Reaction Paper
Upcoming SlideShare
Loading in...5
×
 

Reaction Paper

on

  • 426 views

 

Statistics

Views

Total Views
426
Views on SlideShare
413
Embed Views
13

Actions

Likes
0
Downloads
0
Comments
0

2 Embeds 13

http://members.webs.com 9
http://dannae.webs.com 4

Accessibility

Categories

Upload Details

Uploaded via as Microsoft Word

Usage Rights

© All Rights Reserved

Report content

Flagged as inappropriate Flag as inappropriate
Flag as inappropriate

Select your reason for flagging this presentation as inappropriate.

Cancel
  • Full Name Full Name Comment goes here.
    Are you sure you want to
    Your message goes here
    Processing…
Post Comment
Edit your comment

    Reaction Paper Reaction Paper Document Transcript

    • 1 Universidad Católica de la Santísima Concepción Reaction Paper Name: Dannae Del Campo Teacher: Roxanna Correa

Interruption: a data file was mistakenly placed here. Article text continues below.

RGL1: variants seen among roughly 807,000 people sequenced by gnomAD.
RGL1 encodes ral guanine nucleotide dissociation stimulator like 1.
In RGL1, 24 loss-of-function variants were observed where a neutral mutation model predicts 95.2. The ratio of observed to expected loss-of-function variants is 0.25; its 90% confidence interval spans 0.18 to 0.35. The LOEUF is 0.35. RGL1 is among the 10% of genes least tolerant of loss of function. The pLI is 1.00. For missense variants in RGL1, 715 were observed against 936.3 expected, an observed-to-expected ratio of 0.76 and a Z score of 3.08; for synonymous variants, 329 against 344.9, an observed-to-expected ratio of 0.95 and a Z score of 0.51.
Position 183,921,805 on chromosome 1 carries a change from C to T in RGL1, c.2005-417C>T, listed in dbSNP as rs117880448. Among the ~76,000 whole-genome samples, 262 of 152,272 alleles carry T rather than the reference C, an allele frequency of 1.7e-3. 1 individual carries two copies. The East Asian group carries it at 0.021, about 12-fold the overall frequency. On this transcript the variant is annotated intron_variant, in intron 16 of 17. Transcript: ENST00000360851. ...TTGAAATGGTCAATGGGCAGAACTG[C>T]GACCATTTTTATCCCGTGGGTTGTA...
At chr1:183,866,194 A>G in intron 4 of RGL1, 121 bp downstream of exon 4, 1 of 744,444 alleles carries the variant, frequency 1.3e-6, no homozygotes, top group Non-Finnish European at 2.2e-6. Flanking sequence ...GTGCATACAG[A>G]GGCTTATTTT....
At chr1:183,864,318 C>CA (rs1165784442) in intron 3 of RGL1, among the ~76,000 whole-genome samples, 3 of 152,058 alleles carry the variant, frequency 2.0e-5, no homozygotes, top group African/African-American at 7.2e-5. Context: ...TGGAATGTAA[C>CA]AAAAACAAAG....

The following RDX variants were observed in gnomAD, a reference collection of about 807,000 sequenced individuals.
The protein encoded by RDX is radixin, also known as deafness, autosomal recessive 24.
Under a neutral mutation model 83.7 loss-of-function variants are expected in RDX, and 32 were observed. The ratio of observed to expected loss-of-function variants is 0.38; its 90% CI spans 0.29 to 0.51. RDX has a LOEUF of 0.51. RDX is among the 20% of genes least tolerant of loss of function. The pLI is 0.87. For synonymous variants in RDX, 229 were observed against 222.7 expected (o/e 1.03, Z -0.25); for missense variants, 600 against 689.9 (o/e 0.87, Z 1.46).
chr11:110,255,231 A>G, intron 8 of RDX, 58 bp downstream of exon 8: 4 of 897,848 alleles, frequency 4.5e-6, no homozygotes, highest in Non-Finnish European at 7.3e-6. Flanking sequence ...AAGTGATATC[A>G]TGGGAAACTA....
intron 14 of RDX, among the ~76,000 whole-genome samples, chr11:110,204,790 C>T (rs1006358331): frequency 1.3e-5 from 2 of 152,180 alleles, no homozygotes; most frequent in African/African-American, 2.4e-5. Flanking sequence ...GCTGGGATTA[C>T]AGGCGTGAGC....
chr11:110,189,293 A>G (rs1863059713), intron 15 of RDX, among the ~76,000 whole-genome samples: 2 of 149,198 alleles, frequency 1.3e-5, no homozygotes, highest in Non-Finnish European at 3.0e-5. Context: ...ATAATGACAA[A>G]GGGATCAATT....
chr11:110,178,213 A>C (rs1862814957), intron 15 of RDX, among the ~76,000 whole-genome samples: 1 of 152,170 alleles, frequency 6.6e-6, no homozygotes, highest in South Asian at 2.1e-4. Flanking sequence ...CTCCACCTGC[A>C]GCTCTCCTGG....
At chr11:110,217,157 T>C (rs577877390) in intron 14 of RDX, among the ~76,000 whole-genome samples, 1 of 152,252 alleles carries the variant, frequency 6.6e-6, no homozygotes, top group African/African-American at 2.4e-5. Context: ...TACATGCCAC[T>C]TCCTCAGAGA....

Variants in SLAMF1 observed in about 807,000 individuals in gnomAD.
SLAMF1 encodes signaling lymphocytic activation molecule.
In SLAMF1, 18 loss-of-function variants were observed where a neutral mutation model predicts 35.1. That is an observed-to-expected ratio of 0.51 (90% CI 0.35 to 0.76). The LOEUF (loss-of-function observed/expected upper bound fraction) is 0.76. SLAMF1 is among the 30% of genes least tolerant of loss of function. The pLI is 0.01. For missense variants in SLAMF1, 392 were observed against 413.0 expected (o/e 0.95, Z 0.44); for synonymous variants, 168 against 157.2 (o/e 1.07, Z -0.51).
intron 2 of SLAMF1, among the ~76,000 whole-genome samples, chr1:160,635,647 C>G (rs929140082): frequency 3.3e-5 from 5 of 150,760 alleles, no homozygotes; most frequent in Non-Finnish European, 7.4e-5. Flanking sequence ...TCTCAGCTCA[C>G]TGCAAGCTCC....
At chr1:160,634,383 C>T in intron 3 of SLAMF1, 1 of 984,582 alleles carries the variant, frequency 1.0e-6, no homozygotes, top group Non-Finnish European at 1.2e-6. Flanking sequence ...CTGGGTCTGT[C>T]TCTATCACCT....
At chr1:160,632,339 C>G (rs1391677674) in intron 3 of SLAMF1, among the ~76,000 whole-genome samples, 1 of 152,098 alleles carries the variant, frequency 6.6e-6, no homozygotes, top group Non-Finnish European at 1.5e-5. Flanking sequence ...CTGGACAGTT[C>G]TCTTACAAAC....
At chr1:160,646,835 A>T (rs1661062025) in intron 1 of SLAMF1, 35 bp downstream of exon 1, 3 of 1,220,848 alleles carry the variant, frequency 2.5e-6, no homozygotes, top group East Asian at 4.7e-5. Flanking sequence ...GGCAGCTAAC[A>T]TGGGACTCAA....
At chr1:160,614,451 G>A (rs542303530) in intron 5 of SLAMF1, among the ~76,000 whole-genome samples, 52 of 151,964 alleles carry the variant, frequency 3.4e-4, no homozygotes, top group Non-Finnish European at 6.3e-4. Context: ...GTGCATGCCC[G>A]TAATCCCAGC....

• 2 Summary Ur (2002) in her text called “the English teacher as a professional” explains the contrast between professionalism and other concepts, such as, lay, amateur, technician and academic. The first contrast which is explored is professional versus lay. According to the author the professional group possesses certain skills, knowledge and conventions that the lay group does not have. The second one is professional versus amateur, Ur (2002) argues that the distinction between these two is based on consistent differences in performance in the field, involving the quality of preparatory and ongoing learning, standards and commitment. The third contrast is professional versus technician, the author explains that a technician performs acts with skills and becomes more skillful through practice while the professional not only has to acquire skills but also knowledge and thought. The last contrast is professional versus academic, Ur (2002) defines an academic as a researcher, lecturer, and writer usually based in a university while the professional is a bringer-about of real world change which means that the professional prioritizes real time action whereas the academic prioritizes thought. Moreover, Ur (2002) names a list of characteristics that English teachers as professionals should possess, some of the characteristics are, teachers are autonomous, they publish and communicate their innovatory ideas, they are committed to reach certain standards of performance, they are a community and an identifiable group and they learn continually about their subject. Finally, Ur (2002) states that English teaching has not yet reached the level of professionalism which for the author seems desirable. Pettis (2002) in her text called “developing our professional competence: some reflections”, explains that the role of an educator is multifaceted. She also mentions that